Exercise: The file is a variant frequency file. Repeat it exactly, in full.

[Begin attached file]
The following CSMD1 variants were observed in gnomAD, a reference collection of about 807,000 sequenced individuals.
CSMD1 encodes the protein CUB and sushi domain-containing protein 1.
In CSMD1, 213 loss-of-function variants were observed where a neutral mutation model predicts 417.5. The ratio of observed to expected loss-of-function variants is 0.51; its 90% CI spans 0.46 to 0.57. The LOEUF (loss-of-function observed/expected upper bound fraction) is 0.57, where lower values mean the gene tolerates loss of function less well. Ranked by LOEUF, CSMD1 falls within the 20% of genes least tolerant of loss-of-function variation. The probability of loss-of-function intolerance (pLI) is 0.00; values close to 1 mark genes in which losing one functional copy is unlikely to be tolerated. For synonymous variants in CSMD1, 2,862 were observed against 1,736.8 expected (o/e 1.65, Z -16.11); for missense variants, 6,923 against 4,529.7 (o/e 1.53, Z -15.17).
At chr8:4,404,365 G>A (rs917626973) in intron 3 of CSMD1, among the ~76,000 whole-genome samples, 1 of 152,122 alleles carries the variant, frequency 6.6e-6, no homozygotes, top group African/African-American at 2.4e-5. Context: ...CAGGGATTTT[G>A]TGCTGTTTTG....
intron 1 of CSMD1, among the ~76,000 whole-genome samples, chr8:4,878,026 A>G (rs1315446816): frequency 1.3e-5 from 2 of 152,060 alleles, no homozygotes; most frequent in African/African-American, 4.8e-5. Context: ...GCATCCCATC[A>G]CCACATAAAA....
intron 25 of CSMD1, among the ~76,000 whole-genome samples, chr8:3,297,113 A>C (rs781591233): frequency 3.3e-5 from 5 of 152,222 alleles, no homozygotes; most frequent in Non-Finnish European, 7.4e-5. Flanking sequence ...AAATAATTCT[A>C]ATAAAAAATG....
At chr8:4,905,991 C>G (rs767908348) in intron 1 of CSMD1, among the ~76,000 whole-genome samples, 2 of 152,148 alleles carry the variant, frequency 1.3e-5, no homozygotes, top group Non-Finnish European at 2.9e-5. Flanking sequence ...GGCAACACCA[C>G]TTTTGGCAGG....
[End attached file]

The following CSMD1 variants were observed in gnomAD, a reference collection of about 807,000 sequenced individuals.
CSMD1 encodes the protein CUB and sushi domain-containing protein 1.
In CSMD1, 213 loss-of-function variants were observed where a neutral mutation model predicts 417.5. The ratio of observed to expected loss-of-function variants is 0.51; its 90% CI spans 0.46 to 0.57. The LOEUF (loss-of-function observed/expected upper bound fraction) is 0.57, where lower values mean the gene tolerates loss of function less well. Ranked by LOEUF, CSMD1 falls within the 20% of genes least tolerant of loss-of-function variation. The probability of loss-of-function intolerance (pLI) is 0.00; values close to 1 mark genes in which losing one functional copy is unlikely to be tolerated. For synonymous variants in CSMD1, 2,862 were observed against 1,736.8 expected (o/e 1.65, Z -16.11); for missense variants, 6,923 against 4,529.7 (o/e 1.53, Z -15.17).
At chr8:4,404,365 G>A (rs917626973) in intron 3 of CSMD1, among the ~76,000 whole-genome samples, 1 of 152,122 alleles carries the variant, frequency 6.6e-6, no homozygotes, top group African/African-American at 2.4e-5. Context: ...CAGGGATTTT[G>A]TGCTGTTTTG....
intron 1 of CSMD1, among the ~76,000 whole-genome samples, chr8:4,878,026 A>G (rs1315446816): frequency 1.3e-5 from 2 of 152,060 alleles, no homozygotes; most frequent in African/African-American, 4.8e-5. Context: ...GCATCCCATC[A>G]CCACATAAAA....
intron 25 of CSMD1, among the ~76,000 whole-genome samples, chr8:3,297,113 A>C (rs781591233): frequency 3.3e-5 from 5 of 152,222 alleles, no homozygotes; most frequent in Non-Finnish European, 7.4e-5. Flanking sequence ...AAATAATTCT[A>C]ATAAAAAATG....
At chr8:4,905,991 C>G (rs767908348) in intron 1 of CSMD1, among the ~76,000 whole-genome samples, 2 of 152,148 alleles carry the variant, frequency 1.3e-5, no homozygotes, top group Non-Finnish European at 2.9e-5. Flanking sequence ...GGCAACACCA[C>G]TTTTGGCAGG....